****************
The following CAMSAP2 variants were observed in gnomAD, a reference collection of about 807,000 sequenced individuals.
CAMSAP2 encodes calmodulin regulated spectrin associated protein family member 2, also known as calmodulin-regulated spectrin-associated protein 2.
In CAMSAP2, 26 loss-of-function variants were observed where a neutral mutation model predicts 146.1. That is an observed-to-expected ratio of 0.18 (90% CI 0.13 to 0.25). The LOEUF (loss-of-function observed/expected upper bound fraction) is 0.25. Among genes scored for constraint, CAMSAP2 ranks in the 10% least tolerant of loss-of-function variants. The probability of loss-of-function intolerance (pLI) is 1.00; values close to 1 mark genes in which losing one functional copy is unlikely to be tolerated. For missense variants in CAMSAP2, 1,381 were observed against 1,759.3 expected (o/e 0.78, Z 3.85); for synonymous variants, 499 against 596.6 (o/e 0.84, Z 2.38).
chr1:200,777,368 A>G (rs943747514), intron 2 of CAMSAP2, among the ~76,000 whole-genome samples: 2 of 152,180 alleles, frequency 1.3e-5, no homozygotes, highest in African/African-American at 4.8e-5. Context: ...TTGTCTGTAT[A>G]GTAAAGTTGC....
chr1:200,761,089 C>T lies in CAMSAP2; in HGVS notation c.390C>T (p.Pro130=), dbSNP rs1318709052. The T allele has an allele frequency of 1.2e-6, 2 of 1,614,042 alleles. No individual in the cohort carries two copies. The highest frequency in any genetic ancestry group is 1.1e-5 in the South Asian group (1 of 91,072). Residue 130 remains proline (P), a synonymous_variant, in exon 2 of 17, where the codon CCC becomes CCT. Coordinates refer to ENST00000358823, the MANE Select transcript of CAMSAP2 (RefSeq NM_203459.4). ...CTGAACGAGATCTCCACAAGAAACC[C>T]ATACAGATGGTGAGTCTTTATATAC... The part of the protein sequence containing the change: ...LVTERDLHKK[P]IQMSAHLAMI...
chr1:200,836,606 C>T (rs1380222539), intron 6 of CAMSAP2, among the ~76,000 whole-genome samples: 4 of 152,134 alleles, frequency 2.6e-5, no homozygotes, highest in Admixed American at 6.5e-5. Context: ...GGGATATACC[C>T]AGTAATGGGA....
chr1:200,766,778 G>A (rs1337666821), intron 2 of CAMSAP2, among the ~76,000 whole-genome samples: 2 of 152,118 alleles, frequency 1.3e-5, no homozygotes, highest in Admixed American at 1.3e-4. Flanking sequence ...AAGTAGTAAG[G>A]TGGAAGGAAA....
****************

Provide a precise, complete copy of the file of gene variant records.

The following CAMSAP2 variants were observed in gnomAD, a reference collection of about 807,000 sequenced individuals.
CAMSAP2 encodes calmodulin regulated spectrin associated protein family member 2, also known as calmodulin-regulated spectrin-associated protein 2.
In CAMSAP2, 26 loss-of-function variants were observed where a neutral mutation model predicts 146.1. That is an observed-to-expected ratio of 0.18 (90% CI 0.13 to 0.25). The LOEUF (loss-of-function observed/expected upper bound fraction) is 0.25. Among genes scored for constraint, CAMSAP2 ranks in the 10% least tolerant of loss-of-function variants. The probability of loss-of-function intolerance (pLI) is 1.00; values close to 1 mark genes in which losing one functional copy is unlikely to be tolerated. For missense variants in CAMSAP2, 1,381 were observed against 1,759.3 expected (o/e 0.78, Z 3.85); for synonymous variants, 499 against 596.6 (o/e 0.84, Z 2.38).
chr1:200,777,368 A>G (rs943747514), intron 2 of CAMSAP2, among the ~76,000 whole-genome samples: 2 of 152,180 alleles, frequency 1.3e-5, no homozygotes, highest in African/African-American at 4.8e-5. Context: ...TTGTCTGTAT[A>G]GTAAAGTTGC....
chr1:200,761,089 C>T lies in CAMSAP2; in HGVS notation c.390C>T (p.Pro130=), dbSNP rs1318709052. The T allele has an allele frequency of 1.2e-6, 2 of 1,614,042 alleles. No individual in the cohort carries two copies. The highest frequency in any genetic ancestry group is 1.1e-5 in the South Asian group (1 of 91,072). Residue 130 remains proline (P), a synonymous_variant, in exon 2 of 17, where the codon CCC becomes CCT. Coordinates refer to ENST00000358823, the MANE Select transcript of CAMSAP2 (RefSeq NM_203459.4). ...CTGAACGAGATCTCCACAAGAAACC[C>T]ATACAGATGGTGAGTCTTTATATAC... The part of the protein sequence containing the change: ...LVTERDLHKK[P]IQMSAHLAMI...
chr1:200,836,606 C>T (rs1380222539), intron 6 of CAMSAP2, among the ~76,000 whole-genome samples: 4 of 152,134 alleles, frequency 2.6e-5, no homozygotes, highest in Admixed American at 6.5e-5. Context: ...GGGATATACC[C>T]AGTAATGGGA....
chr1:200,766,778 G>A (rs1337666821), intron 2 of CAMSAP2, among the ~76,000 whole-genome samples: 2 of 152,118 alleles, frequency 1.3e-5, no homozygotes, highest in Admixed American at 1.3e-4. Flanking sequence ...AAGTAGTAAG[G>A]TGGAAGGAAA....